• Refined and reinforced the development and assessment of short (annual) and longer term goals for all LPS personnel, as well as an annual evaluation of all personnel.
    • Designed and implemented a protocol on the competencies required to perform as a highly effective school leader. These essential skills and knowledge are presented and discussed on a periodic basis with our senior level and mid-level administrators.
    • Initiated and continue to develop a relationship with several area 766 (Special Education) schools intended to provide opportunities for our students to interact with peers from other schools through engagement in athletics and activities.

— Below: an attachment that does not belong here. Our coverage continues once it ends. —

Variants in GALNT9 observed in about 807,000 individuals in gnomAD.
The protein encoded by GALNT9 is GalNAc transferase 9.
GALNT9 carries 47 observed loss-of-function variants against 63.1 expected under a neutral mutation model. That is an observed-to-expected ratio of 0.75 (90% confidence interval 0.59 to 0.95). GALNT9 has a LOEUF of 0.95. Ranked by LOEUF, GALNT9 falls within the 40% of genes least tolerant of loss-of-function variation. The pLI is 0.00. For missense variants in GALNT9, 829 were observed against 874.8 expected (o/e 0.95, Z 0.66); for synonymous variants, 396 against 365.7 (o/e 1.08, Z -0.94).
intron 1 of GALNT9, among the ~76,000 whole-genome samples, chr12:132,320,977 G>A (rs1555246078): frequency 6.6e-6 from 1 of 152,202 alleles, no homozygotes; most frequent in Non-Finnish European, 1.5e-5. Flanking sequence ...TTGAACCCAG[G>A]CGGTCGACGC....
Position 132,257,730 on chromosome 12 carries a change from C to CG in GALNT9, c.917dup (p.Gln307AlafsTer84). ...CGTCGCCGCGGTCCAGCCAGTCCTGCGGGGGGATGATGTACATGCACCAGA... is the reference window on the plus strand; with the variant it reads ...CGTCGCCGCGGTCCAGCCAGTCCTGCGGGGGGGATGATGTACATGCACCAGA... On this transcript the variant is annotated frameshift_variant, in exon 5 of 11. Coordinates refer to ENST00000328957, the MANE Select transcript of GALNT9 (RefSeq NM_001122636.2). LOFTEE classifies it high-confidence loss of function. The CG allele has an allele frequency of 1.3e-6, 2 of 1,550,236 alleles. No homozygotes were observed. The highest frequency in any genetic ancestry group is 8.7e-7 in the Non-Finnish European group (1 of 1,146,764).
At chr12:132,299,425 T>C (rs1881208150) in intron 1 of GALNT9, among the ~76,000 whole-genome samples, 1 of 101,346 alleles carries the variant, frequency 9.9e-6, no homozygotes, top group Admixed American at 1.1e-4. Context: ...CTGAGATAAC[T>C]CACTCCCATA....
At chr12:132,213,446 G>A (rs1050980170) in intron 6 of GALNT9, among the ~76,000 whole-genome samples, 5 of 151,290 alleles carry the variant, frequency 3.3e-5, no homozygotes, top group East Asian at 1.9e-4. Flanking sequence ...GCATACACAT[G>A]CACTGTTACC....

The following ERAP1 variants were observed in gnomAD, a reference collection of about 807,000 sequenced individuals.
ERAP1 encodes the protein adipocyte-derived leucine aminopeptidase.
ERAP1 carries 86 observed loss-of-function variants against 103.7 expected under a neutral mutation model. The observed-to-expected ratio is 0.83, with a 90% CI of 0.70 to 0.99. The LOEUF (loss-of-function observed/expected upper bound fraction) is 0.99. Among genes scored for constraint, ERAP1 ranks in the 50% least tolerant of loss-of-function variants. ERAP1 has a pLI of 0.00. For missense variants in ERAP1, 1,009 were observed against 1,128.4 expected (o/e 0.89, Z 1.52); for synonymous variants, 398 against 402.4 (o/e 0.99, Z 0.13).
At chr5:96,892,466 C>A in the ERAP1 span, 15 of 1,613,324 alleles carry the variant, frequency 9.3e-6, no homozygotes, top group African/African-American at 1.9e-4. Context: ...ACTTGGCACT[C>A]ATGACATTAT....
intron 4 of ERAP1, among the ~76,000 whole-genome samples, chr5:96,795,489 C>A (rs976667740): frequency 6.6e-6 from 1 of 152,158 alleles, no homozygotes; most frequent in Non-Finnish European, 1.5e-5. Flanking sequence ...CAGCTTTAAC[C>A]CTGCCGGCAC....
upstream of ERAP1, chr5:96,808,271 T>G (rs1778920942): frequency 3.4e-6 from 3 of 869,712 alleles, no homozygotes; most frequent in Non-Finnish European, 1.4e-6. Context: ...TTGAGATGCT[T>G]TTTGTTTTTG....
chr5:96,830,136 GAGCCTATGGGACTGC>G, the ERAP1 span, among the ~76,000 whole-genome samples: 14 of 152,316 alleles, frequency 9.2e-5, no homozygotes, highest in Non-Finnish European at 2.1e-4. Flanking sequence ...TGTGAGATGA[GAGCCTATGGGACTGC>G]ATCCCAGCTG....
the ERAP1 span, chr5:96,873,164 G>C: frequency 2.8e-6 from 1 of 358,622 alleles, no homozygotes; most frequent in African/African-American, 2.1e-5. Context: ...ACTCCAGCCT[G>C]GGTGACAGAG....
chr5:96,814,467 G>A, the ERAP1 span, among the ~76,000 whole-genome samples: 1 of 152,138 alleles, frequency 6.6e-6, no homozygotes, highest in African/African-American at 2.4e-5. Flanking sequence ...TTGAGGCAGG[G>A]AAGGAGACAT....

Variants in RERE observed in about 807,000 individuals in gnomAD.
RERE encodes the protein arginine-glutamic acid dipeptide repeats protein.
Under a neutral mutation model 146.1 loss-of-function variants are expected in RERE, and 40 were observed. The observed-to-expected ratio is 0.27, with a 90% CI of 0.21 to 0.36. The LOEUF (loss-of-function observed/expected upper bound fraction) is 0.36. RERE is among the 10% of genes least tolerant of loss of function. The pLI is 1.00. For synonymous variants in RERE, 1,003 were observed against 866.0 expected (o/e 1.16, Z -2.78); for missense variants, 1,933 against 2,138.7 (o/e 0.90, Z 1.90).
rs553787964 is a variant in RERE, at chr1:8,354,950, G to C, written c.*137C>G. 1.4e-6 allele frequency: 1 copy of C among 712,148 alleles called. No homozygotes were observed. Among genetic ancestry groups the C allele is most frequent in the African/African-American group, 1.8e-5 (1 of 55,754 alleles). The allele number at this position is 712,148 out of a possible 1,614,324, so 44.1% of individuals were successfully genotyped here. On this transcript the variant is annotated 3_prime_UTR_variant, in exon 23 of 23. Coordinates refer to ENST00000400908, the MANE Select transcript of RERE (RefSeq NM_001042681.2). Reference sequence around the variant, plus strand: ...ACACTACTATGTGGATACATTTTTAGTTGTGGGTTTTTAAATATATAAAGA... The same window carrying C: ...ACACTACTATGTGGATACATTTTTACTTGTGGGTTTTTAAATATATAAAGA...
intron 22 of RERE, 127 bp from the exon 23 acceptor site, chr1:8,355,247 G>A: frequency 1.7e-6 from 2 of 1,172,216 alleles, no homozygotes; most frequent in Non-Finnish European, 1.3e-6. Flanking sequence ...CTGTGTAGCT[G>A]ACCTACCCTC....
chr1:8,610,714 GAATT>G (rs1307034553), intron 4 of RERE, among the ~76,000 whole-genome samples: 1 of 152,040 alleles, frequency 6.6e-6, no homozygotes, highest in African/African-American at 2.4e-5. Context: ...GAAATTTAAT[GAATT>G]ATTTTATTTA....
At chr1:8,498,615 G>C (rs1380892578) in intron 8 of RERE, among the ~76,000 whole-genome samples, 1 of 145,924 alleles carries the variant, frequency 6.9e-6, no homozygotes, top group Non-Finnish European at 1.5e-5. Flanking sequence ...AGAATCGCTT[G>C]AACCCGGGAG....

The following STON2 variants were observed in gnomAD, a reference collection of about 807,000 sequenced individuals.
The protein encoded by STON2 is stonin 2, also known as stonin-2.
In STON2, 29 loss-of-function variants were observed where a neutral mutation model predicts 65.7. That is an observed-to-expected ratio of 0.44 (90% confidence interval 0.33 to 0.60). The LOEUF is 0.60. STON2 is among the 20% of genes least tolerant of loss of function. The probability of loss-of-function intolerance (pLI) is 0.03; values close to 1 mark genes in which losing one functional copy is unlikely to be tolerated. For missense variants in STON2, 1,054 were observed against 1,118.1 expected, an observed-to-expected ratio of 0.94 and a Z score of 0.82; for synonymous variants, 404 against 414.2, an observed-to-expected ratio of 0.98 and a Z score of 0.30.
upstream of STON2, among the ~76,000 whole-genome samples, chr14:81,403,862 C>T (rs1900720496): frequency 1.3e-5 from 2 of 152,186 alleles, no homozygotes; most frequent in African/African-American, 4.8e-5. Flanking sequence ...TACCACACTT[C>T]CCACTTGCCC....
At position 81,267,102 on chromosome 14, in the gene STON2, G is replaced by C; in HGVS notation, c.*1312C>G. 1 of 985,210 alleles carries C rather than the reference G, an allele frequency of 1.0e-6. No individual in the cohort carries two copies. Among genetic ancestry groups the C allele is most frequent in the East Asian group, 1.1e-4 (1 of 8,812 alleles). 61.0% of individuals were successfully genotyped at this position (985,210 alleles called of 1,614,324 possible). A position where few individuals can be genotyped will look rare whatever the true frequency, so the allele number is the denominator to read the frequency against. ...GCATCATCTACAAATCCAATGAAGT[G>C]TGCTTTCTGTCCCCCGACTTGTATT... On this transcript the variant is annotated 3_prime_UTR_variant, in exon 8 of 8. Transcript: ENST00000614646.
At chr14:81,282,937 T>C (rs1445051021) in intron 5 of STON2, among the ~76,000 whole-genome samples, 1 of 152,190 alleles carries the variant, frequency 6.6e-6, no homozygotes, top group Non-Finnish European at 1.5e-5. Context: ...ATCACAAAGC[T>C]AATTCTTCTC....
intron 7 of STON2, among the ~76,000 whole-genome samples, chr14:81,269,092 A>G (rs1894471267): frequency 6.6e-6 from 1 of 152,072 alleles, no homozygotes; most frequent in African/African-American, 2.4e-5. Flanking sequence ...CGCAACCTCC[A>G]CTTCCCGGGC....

• Appointed a Director of Athletics and Activities to guide the work intended to expand our After School Program at LPS. The precursor to this initiative was the development of our Blue/Green Spirit Program and the resurgence of our school mascot, the Panther.
    • Developed a Program Review and Reconstruction Plan as required by the State and recently received formal approval for this plan.
    • Secured a major gift from a corporate foundation enabling us to renovate the Greenhouse and reintegrate the horticulture program effective as of August 2018.
    • All policies and job descriptions have been reviewed and edited where required.
    • Redesigned our transition/work study program by complementing job site experiences with course work and field trips designed to expand student competence and confidence as they prepare for life after LPS.
    • Advanced select personnel appointments designed to improve the delivery of services attendant to those positions and offices.